Dragons, griffins, sphinxes, unicorns, phoenixes: present as early as Antiquity, fantastic animals inhabit the tiniest recesses of our contemporary world, from films and cartoons to everyday objects.
By turns images of terror or admiration, expressions of our hidden unconscious and our anxieties, these often hybrid creatures contain within them a fundamental ambiguity. Who are they? Where do they come from? What do they mean?
They share with real fauna the power to fascinate people. We confer on them a closeness to nature, a wildness mingled with wisdom. Yet these are no ordinary animals.
They differ in their appearance. Gigantic, excessive and deformed, their bodies adopt the characteristics of several animals, such as a horse’s body with the wings of a bird or an eagle with a lion’s head.
This extraordinary physiognomy is a reflection of their supernatural powers.
Fantastic animals embody the elementary forces of nature: stormy waters and choleric gusts of wind, as well astranquil streams and the nourishing earth. They represent their immensity, their violence, their beauty and above all their excesses. Some of them have a face and hands and legs, which link them to the world of humans while evoking distance and danger.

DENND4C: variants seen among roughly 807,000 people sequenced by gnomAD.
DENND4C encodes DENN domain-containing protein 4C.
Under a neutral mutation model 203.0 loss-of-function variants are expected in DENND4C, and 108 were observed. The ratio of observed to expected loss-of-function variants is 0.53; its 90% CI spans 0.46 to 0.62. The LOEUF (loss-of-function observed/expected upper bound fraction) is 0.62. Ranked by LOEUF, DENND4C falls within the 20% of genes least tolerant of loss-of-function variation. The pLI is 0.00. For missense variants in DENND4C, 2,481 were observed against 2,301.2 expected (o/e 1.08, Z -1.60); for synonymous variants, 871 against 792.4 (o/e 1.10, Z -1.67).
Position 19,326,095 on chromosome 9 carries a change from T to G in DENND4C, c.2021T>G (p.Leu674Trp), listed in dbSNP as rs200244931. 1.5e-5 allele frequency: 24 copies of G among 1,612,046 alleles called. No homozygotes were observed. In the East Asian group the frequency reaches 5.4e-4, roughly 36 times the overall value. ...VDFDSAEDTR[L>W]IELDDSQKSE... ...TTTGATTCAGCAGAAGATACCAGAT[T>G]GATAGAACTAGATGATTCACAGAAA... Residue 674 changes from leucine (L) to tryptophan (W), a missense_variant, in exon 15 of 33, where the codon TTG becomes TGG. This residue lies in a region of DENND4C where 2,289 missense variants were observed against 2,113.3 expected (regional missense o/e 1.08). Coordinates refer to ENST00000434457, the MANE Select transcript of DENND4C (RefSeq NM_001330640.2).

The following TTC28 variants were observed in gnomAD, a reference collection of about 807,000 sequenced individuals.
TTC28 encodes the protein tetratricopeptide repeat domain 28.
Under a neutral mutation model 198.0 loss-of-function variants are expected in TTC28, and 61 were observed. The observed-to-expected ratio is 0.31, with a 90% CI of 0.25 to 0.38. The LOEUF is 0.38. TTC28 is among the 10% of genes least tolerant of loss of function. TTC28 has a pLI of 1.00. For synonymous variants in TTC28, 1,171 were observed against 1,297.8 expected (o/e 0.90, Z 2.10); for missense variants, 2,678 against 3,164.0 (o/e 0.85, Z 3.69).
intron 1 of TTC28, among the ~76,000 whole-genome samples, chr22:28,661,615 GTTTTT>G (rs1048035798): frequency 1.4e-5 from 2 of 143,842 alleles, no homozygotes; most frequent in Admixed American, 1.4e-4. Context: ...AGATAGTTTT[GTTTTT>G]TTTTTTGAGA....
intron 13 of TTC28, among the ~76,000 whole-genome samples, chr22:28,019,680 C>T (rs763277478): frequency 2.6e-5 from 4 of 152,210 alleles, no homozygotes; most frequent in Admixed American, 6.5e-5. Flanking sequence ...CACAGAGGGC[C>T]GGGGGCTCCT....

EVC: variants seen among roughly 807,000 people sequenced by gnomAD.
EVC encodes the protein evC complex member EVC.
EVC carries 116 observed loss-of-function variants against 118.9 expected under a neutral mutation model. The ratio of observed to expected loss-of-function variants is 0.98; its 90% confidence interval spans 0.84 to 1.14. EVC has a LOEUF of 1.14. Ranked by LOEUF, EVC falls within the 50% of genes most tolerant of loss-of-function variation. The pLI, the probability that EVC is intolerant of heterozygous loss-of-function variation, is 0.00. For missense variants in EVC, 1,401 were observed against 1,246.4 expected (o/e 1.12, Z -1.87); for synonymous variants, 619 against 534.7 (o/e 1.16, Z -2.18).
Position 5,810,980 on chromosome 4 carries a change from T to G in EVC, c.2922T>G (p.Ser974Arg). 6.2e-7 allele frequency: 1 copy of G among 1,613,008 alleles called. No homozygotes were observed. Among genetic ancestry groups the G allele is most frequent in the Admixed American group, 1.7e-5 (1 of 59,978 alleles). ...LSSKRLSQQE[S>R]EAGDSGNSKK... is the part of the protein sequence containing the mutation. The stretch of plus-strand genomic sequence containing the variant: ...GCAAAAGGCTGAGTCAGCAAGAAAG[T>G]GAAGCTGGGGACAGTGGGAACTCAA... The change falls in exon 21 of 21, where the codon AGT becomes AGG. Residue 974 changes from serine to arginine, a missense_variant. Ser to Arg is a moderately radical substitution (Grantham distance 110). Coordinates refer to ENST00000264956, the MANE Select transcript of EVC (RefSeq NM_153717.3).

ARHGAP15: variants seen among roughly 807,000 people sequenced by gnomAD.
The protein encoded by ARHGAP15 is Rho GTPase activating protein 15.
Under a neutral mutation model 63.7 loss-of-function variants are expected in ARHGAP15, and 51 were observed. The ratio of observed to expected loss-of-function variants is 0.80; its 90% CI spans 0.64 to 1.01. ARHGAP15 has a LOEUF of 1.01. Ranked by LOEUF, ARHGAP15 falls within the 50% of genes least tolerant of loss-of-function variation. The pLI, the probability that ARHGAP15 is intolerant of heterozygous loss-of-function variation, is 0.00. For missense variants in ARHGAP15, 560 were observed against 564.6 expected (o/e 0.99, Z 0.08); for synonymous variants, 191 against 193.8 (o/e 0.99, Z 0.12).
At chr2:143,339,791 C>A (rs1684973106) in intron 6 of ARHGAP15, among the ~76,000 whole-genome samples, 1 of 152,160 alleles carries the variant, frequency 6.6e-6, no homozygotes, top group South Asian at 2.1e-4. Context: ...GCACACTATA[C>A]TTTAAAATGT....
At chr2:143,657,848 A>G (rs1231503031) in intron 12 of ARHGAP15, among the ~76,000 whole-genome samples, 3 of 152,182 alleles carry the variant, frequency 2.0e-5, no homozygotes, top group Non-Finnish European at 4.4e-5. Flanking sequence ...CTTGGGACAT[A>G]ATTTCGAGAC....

Featuring more than 250 works – sculptures, paintings and objets d’art, as well as films and music – ranging from Antiquity to the present day, the exhibition offers a journey through time and space, retracing the history of the most famous of these animals through their legends, their powers and their habitats. It explores our passionate relationships with these creatures whose unreal presence seems more than ever necessary.
Hélène Bouillon, chief heritage curator, director of conservation, exhibitions and publications at the Louvre-Lens
Jeanne-Thérèse Bontinck, project manager, Heritage, City of Art and History, Périgueux
Caroline Tureck, head of research and documentation, Louvre-Lens
Yaël Pignol, educator Heritage & Gardens – Scientific advisor, Cité des Electriciens, Bruay-la-Buissière
Exhibition design: Mathis Boucher, architect and exhibition designer, Louvre-Lens